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Lesson from Infosys: Fear the founder!

By Shyamal Majumdar
August 08, 2017 09:01 IST
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Many say N R Narayana Murthy returned to Infosys only because it was floundering.
Ironically, that itself can be interpreted as the great man's biggest failure. It's inconceivable that he wasn't able to groom a single leader in his two decades at the helm.
Shyamal Majumdar on the pitfalls of 'Founder's Syndrome'.

Narayana Murthy Vishal Sikka Infosys

IMAGE: N R Narayana Murthy with Infosys CEO and MD Vishal Sikka, left.
Photograph: PTI Photo.


N R Narayana Murthy never ceases to surprise -- the latest was his comment that leaving Infosys in 2014 was the biggest regret of his life. This was a disappointing statement from a man who had, in the past, spoken endlessly about the need for India Inc to have truly independent boards and an empowered professional management.

Infosys has a board, comprising some of the leading names in Indian industry, and a managing director whom Murthy hand-picked -- yet, the co-founder chooses to make a public statement about his 'regret' of leaving early. The signal that goes out to the world outside is his lack of confidence in the board and the management.

Murthy has already made sure that the world knows about his unhappiness with the current Infosys chairman and the way the company is being run, following which the company took a series of actions to address his concerns. But just when everybody thought the issues had been resolved, Murthy dropped another bombshell, making it obvious he remains extremely unhappy.

It's not that Murthy had left Infosys in 2014 in a hurry.

It was his second coming (he had retired in 2011 as non-executive chairman) after a desperate Infosys turned to him for guidance and made him executive chairman in 2013. In the process, he joined a long list of founders such as Michael Dell, Steve Jobs and Howard Schultz in the entrepreneurial hall of fame. Like Murthy, all of them returned to the companies they had started after either retiring or being ousted from them.

But in the process, Murthy, who was known for his obsession with following the company's rules, returned to the company in an executive capacity even though he was well past the age of 65, Infosys's official retirement age.

The moot point is what exactly Murthy is trying to achieve with his public outbursts against the board and the management, apart from forcing them to be on the defensive.

Infosys co-chairman Ravi Venkatesan, who is said to be close to Murthy, has been working hard to get the promoters and the management working together as 'one Infosys' and not operating in different pockets. One wonders whether those efforts have yielded any result.

Also read: The other problems at Infosys

Many say Murthy came back to Infosys in 2014 only because the company was floundering at that point. Ironically, that itself can be interpreted as the great man's biggest failure.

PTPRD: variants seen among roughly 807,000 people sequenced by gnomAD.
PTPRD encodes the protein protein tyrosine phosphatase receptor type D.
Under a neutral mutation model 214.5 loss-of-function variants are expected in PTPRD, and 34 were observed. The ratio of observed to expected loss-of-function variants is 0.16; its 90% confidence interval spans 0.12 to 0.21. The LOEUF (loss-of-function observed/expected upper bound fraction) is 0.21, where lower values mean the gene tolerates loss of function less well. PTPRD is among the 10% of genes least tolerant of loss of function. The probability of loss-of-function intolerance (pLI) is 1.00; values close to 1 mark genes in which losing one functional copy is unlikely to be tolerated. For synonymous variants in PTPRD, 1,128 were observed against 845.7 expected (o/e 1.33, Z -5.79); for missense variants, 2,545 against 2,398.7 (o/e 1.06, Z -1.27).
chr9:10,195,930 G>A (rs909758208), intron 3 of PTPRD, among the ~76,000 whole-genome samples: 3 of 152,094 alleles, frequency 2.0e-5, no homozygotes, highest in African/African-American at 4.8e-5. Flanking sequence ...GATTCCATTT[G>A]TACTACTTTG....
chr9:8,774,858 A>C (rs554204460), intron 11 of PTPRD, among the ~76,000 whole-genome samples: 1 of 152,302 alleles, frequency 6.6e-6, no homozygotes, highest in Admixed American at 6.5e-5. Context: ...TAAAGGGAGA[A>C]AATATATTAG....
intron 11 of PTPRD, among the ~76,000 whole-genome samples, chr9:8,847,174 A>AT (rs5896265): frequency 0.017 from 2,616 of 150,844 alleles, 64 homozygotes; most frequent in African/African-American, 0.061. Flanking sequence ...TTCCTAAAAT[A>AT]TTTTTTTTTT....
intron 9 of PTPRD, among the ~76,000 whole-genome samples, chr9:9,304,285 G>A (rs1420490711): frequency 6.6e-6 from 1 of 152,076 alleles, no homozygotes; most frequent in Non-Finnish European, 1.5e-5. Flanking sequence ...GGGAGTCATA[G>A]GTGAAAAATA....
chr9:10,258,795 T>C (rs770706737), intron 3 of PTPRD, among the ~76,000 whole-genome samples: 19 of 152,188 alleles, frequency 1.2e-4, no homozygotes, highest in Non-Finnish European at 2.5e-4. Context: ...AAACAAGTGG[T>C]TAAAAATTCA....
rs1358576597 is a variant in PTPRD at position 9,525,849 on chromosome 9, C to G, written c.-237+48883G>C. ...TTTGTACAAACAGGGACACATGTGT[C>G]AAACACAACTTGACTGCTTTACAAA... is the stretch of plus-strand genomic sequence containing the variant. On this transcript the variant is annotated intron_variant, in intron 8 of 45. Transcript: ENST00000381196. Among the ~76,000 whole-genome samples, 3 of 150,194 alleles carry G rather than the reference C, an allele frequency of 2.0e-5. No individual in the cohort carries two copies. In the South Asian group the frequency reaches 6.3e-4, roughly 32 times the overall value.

It's inconceivable that he wasn't able to groom a single leader in the two decades that he was at the helm. And finally, when a managing director is brought in from outside, the founders wait for two years, and then go all out to issue a series of public statements about their concerns with the way the company is being run.

The point is that making yourself indispensable is a skill that a large number of leaders seem to have perfected into a fine art. Corporate history has shown us how founders are great at starting and building, but usually terrible at letting go and allowing the organisation to grow into a second phase of life without them, with a different leader at the helm.

And it's not about Murthy.

Research has found that a majority of leaders love to think -- and force others to think -- that they are simply indispensable.

What's worse, after they leave, they have zero tolerance for any deviation from the norms set by them. In the process, they ignore the momentous changes in the external environment.

It's nobody's case that these leaders haven't done much -- they are all super brilliant, have given everything to work, and have left a huge impact on their respective organisations. One only wishes they also learnt how to let go.

It's called Founder's Syndrome, which occurs when an organisation operates primarily according to the personality of a key person such as the founder, rather than focused on its overall mission.

It's tricky if the founder is a visionary, highly charismatic and has a strong personality. And a strong founder in the background is even more problematic -- the CEO he has helped appoint will all the time try to second-guess the founder.

An organisation can't be run in the belief that the founder will be around forever. So, the questions the founders should ask are: Have they prepared the organisation to survive and thrive without their presence? Can they think of leaving?

If the answer is 'no', then the founders have somehow made the organisation about themselves, rather than about the mission.

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Shyamal Majumdar
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